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Financial Times: Sibir set to seal deal with Gazprom

By Toby Shelley
Published: July 5 2007 03:00 | Last updated: July 5 2007 03:00

Sibir Energy looks set to seal a deal this autumn with Gazprom, creating an enlarged company that will combine its assets with the Russian state-controlled behemoth’s stake in a refinery and a disputed oil field.

Stuard Detmer, downstream director of Sibir, said talks along these lines had resumed after a break last year caused by senior management changes at Gazpromneft, Gazprom’s oil-producing arm.

The incentives for Sibir are powerful. The deal would be a vehicle for solving long-running disagreements over control of Moscow Refinery and another dispute over the South Priobskoye oil field in western Siberia. It would also mitigate the perceived political risk that weighs on Sibir’s share price.

The move would also provide Gazpromneft with an international arm with access to capital markets.

Sibneft – the oil company that was sold by Roman Abramovich, the Chelsea football club owner, to Gazprom in 2005 for $13bn, creating Gazpromneft – fought a long-running battle with Sibir and Moscow city council over control of the refinery. The companies were also involved in a legal fight after Sibir’s 50 per cent interest in the Sibneft Yugra oil field development venture with Sibneft was diluted to just 1 per cent in 2002. Gazpromneft inherited these disputes.

Mr Detmer said Gazpromneft wanted to control the Moscow Refinery and that Sibir would not stand inits way given the right circumstances, one of which is resolution of the Yugra issue.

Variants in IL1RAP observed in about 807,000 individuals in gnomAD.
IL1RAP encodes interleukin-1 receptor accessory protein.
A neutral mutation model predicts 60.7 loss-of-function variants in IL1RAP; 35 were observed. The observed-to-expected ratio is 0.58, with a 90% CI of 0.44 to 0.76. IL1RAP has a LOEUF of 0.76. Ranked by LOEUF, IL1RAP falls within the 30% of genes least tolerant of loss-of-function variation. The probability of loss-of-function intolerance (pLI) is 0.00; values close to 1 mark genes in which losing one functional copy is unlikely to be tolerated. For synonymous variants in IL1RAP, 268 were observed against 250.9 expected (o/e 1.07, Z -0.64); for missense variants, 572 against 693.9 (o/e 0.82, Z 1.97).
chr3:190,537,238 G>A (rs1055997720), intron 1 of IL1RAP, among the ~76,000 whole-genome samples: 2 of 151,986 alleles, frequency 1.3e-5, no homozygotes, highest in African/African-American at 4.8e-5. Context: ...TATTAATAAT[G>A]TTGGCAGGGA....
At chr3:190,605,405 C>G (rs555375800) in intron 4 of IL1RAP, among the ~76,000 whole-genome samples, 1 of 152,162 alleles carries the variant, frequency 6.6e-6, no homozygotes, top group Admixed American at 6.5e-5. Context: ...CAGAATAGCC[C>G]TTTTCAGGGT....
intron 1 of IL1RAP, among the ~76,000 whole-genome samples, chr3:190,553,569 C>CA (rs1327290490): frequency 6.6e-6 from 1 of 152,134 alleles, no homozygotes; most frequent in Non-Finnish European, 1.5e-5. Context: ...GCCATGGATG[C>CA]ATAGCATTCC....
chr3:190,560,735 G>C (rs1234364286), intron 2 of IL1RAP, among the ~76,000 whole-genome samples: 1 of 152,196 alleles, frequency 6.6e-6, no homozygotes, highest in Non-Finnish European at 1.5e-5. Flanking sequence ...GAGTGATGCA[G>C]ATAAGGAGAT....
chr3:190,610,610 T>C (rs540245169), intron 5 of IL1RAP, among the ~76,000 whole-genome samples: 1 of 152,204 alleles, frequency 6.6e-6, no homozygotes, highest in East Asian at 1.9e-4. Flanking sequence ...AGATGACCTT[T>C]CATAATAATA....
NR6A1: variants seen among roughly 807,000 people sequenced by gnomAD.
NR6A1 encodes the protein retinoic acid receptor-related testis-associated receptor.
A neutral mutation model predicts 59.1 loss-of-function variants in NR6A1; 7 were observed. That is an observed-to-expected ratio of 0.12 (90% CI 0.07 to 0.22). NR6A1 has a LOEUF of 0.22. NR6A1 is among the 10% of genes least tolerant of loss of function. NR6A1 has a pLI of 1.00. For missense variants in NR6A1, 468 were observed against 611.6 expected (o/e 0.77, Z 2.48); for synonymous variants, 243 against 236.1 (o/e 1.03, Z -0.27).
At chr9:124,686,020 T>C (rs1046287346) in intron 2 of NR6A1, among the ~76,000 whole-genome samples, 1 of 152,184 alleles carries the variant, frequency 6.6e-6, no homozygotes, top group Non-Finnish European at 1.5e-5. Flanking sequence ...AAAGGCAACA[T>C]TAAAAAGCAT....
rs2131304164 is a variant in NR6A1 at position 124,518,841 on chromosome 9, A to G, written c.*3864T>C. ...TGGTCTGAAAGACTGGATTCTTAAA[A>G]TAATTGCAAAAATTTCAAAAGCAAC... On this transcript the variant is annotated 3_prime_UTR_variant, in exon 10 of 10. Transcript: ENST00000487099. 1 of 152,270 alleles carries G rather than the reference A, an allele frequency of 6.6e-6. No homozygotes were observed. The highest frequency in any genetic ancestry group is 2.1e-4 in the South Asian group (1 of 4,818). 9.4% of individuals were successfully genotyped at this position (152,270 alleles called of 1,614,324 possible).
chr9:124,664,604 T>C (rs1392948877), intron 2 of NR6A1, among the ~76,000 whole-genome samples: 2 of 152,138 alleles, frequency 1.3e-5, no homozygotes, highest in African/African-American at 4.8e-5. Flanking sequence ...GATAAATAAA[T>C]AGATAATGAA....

What Sibir does have to ensure is that its oil has access to a Russian refinery and Russian markets. It is only permitted to export 40 per cent of its crude output and production is increasing from the Salym joint venture with Shell. Sibir’s current stake in the Moscow Refinery gives it access to 45,000 barrels a day of refining capacity but it will need 75,000 b/d of capacity as its crude production heads towards 100,000 b/d in 2009.

It aims to buy the additional capacity from Moscow city council, the other leading stakeholder. However, Mr Detmer said Sibir was anxious for Moscow to hang on to a stake because its presence diluted perceived political risk, which remains a significant issue for Sibir.

Late in June Sibir announced a maiden dividend, a sevenfold rise in earnings before interest, tax, depreciation and amortisation to £87m and a threefold rise in output, exceeding analysts’ forecasts. However, its advocates say it is greatly undervalued.

The price “has lost all rational connection with the performance, potential and intrinsic value of its underlying operations”, according to Cazenove’s Fred Lucas in a note to clients, adding that it “carries an extreme and excessive penalty for Russian risk”.

Sibir is majority-owned by Russian businessmen and has good relations with the influential and recently reappointed mayor ofMoscow.

However, as another analyst notes, the fact that the company has to point this out only highlights the importance of alliances with powerful individuals and, by implication, the risks if they were to fall from grace.

A tie-up with Gazpromneft might give Sibir something much more abiding – a structural link with an institution at the heart of the Russian state and energy sector.

Copyright The Financial Times Limited 2007

 

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